"The cute, fashionable ones, they are OK to show whenever."
That sentiment is now well established in a country that has long felt conflicted about tattoos, often revealing its feelings in officially sanctioned public prejudice.
In many ways, women are leading the way. Tattoos on starlets such as Namie Amuro and Ayumi Hamasaki are thought of as stylish by a younger, pop culture- hungry generation, while overseas fashion trends have made "getting ink" much less of a radical lifestyle choice.
U.S. reality-TV shows set in tattoo studios have made the art form so popular there that tattoo artists are baffled at its new high profile. The Journal of the American Academy of Dermatology (2006) found in a survey that 24 percent of its respondents between 18 and 50 were tattooed. In Britain, ink shares a similar popularity, especially among women.
"I see more women wearing ink than guys these days," says Neil Dalleywater, the editor of top U.K. tattoo magazine Skin Deep. "It is a big part of the tattooing industry. Women are realizing that tattoos can be very feminine and sexy, and they like it that if a tattoo is in a discrete position, they can either show off their ink or keep it covered.
"Tattoos can also be therapeutic, and many women have wonderful tattoos covering mastectomy and other scars."
Women have a strong presence in the Japanese tattoo industry: Most editors of tattoo magazines are female, and female artists are increasingly common.
"Female artists are popular with girls getting tattooed who don't want to show their skin to a male stranger," said Tattoo Burst magazine editor Miho Kawasaki at a girl-only tattoo convention back in 2006 in Tokyo's trendy Daikanyama area. "They make the process less threatening by using words and concepts that a woman can more easily relate to, such as a tattoo being kawaii (cute)."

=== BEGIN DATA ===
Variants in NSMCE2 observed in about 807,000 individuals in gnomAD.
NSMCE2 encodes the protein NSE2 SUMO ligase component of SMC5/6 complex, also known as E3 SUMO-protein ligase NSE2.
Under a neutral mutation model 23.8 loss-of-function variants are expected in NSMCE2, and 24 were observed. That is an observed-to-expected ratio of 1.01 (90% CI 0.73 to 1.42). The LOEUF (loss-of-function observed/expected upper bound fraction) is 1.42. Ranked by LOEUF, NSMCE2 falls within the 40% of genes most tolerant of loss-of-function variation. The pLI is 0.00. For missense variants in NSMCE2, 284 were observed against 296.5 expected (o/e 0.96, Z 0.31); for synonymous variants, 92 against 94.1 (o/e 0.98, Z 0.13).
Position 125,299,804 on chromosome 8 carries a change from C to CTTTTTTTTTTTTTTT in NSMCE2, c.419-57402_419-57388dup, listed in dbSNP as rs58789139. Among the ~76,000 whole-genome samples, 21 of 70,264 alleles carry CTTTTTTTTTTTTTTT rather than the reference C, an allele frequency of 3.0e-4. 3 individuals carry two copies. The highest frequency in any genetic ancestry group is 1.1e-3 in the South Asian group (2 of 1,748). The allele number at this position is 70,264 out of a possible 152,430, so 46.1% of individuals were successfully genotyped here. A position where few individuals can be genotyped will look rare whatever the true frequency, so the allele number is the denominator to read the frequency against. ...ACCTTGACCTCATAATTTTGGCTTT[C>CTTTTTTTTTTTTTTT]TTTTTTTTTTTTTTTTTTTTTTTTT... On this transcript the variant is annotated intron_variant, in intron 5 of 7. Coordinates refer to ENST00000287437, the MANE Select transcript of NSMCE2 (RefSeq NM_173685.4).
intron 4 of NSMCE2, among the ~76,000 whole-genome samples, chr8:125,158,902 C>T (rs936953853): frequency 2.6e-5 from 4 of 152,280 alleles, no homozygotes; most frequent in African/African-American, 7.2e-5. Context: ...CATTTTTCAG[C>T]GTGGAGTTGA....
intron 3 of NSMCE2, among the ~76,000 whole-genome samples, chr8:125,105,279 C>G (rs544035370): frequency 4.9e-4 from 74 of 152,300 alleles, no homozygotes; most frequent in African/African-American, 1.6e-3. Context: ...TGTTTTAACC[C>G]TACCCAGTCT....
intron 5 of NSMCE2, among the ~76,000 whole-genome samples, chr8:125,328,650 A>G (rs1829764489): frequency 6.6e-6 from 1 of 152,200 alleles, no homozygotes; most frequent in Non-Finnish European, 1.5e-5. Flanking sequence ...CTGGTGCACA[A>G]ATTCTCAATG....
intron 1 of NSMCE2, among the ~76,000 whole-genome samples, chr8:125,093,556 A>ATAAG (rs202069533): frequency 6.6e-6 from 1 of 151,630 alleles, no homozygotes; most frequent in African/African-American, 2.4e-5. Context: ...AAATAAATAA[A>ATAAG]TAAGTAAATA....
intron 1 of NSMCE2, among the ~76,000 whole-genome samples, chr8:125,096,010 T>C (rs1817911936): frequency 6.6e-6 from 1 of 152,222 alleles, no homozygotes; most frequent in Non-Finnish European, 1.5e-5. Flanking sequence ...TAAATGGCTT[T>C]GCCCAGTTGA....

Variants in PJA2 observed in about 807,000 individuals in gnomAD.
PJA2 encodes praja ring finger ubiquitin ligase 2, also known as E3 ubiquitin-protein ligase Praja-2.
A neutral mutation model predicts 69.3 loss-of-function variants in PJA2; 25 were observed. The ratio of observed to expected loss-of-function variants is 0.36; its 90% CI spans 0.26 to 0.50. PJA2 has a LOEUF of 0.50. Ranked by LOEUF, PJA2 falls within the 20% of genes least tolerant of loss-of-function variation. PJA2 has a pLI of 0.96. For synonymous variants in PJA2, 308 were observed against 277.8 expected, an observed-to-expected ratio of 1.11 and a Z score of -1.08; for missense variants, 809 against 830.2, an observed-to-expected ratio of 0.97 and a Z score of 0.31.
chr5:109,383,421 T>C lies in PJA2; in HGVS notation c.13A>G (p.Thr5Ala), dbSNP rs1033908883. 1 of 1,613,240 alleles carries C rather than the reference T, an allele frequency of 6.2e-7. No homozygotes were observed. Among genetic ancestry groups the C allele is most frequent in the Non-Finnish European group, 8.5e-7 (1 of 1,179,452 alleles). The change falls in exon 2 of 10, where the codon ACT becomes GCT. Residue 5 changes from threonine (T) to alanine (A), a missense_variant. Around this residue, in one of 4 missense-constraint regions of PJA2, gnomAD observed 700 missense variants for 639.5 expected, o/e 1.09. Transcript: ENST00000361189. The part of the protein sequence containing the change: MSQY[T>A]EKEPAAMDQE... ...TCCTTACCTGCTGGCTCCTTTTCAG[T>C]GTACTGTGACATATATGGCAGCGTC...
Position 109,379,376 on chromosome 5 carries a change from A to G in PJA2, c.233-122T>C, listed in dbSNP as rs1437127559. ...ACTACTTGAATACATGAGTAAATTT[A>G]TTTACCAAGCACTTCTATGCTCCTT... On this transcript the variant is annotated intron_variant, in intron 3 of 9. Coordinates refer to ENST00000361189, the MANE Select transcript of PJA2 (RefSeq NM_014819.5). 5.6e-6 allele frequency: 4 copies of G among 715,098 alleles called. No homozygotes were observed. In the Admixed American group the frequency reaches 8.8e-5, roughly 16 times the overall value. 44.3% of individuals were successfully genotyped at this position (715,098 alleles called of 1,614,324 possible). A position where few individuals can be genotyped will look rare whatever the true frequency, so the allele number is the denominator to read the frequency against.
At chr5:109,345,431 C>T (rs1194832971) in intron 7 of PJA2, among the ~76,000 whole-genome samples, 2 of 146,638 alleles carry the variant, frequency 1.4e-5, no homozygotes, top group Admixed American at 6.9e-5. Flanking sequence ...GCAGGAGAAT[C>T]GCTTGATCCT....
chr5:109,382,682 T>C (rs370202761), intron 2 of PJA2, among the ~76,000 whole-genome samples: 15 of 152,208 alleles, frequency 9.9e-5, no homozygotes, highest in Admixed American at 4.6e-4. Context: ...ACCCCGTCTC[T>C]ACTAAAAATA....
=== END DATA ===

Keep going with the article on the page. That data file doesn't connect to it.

Artists such as Nattsu at Osaka's Chopstick studio have entire portfolios of super-kawaii motifs. "I get lots of girls, girls working in the fashion and beauty industries, and gay guys," she says.
Flipping through her colorful book, there are ice-cream cones, toucans, and manga-style pandas that grace the hip bones and ankles of girls who hang out in Osaka's trendy Amerika-mura area. They are drawn to her accessible style that mixes pop imagery with psychedelia.
Tattoo artist Horisho from Mindscape tattoo in Aichi Prefecture confirms a change in tattooing trends. "My clients are going from being the blue-collar workers and laborers who were my usual clientele to a sudden surge in interest from fashion people, designers, hair-dressers and many more female clients," he says.
The female-targeted magazine Tattoo Girls is a testimony to the new popularity, using photographers, stylists and models from prominent Tokyo fashion agencies. The aesthetic is decidedly hip, although the models are actually sporting fake tattoos. An ominous disclaimer at the end of each issue even states: "Although we introduce various styles in this magazine, we are not recommending that anyone get one. . . . It is important to make a judgment whether you can be responsible for yourself after you get tattoos."